California labor tries again to get unemployment pay for striking workers. Can state afford it?

Reality Check is a Sacramento Bee series holding officials and organizations accountable and shining a light on their decisions. Have a tip? Email

California labor unions are once again fighting to secure unemployment pay for striking workers after Gov. Gavin Newsom vetoed their effort last year.

But there is a looming question hanging over Senate Bill 1116 from Burbank Sen. Anthony Portantino: How will the state cover additional workers as its unemployment insurance fund remains mired in debt?

The Democrat’s bill would pay workers on strike for at least two weeks. It’s a repeat of his previous measure, which Newsom declined to sign because California’s unemployment insurance financing structure is in need of revisions and its trust fund owes more than $20 billion to the federal government for loans used to pay claims.

That situation has not changed. The state Employment Development Department is still trying to get the trust fund back in shape after its payments exploded during the 2020-2021 COVID-19 pandemic. The state borrowed heavily from the federal government during the pandemic so it could pay claims.

Portantino and California Labor Federation head Lorena Gonzalez Fletcher on Wednesday touted their bill ahead of a Senate Labor, Public Employment and Retirement Committee hearing. Members did advance SB 1116, which now moves on to the Senate Appropriations Committee.

Bill opponents, including the California Chamber of Commerce, argued in a committee analysis the bill would “effectively require employers to subsidize striking workers, even if those workers or labor strikes had nothing to do with the employer, even if that employer is not presently (or has never) experienced any strikes.”

How much will the bill cost?

There is no cost estimate currently associated with SB 1116. An Assembly Appropriations Committee analysis of Portantino’s previous bill said the additional eligible workers would likely have drawn down the unemployment trust fund by an amount “in the low millions to tens of millions of dollars.”

California last year saw large numbers of workers go on strike, including a simultaneous work stoppage by the Writers Guild of America and the Screen Actors Guild that significantly impacted the Los Angeles-area film industry.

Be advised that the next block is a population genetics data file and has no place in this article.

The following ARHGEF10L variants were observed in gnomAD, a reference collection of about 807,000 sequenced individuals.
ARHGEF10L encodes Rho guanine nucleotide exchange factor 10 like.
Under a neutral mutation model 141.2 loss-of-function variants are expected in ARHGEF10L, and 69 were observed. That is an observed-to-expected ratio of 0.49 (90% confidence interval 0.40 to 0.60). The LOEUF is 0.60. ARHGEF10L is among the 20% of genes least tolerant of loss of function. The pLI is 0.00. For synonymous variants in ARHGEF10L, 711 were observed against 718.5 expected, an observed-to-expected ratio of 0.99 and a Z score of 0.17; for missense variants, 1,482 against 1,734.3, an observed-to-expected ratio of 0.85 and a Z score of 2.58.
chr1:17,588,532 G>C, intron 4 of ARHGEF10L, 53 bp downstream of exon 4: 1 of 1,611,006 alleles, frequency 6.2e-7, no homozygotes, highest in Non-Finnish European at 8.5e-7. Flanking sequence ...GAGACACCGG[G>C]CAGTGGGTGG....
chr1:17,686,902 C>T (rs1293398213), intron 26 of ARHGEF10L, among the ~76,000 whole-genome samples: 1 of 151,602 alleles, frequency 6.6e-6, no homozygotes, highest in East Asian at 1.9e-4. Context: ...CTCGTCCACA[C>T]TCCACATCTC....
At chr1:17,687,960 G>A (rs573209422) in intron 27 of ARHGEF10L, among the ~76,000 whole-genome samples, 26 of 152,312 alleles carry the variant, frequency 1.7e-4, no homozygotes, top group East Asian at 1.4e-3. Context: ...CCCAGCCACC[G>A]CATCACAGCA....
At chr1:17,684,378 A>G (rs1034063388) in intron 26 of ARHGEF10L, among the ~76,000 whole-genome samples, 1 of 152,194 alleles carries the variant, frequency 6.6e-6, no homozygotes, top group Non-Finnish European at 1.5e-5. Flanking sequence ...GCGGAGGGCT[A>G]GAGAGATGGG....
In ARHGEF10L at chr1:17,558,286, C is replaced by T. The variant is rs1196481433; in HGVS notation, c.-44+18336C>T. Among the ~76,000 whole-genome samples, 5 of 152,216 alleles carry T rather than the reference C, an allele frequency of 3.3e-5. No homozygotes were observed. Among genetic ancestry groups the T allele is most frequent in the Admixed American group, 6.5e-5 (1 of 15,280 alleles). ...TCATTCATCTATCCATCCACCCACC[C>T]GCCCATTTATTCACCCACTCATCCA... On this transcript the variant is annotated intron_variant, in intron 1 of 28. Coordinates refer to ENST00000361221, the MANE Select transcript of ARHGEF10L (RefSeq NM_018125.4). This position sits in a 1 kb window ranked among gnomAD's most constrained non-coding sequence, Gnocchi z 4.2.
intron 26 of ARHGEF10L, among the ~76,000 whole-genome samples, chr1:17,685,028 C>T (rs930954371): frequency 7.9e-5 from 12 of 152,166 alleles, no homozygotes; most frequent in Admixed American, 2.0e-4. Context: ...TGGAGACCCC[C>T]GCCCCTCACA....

Even so, Gonzalez Fletcher called for an Appropriations analysis that shows how many striking workers actually walked off the job long enough to qualify for benefits.

“I guarantee you, it will be lower than the pretty low cost we got out of Assembly Appropriations last year,” she said.

Last year’s Appropriations analysis cited data from the U.S. Bureau of Labor Statistics tracking strikes involving at least 1,000 workers. The data showed there were at least 56 strikes in California from 2012 to 2022, and only two lasted more than two weeks. However, at the time of the report, there were two ongoing strikes that had exceeded two weeks.

Gonzalez Fletcher insisted paying those on strike is a “smart economic decision” for the state, as it would push employers to negotiate. Ending strikes sooner would ultimately alleviate unemployment insurance costs, Gonzalez Fletcher said, because workers who are not on strike but lose their jobs as a result of the stoppage do receive state payments.

They would be able to resume their jobs more quickly, she said, ending the need for more unemployment checks.

When asked how the bill will address Newsom’s concerns with the unemployment insurance trust, Portantino and Gonzalez Fletcher did not have specific answers but acknowledged the need for reform.

“Oftentimes, things get signed as you work out the economic activity behind it,” Portantino said. “So we’re hoping those conversations and the reforms happen, as well. This is not an isolated effort. This is a broader effort to protect workers and protect the fund.”

Gonzalez Fletcher said the unemployment insurance issues will not be resolved until “the governor really has the political will to tell businesses that they need to pay more.”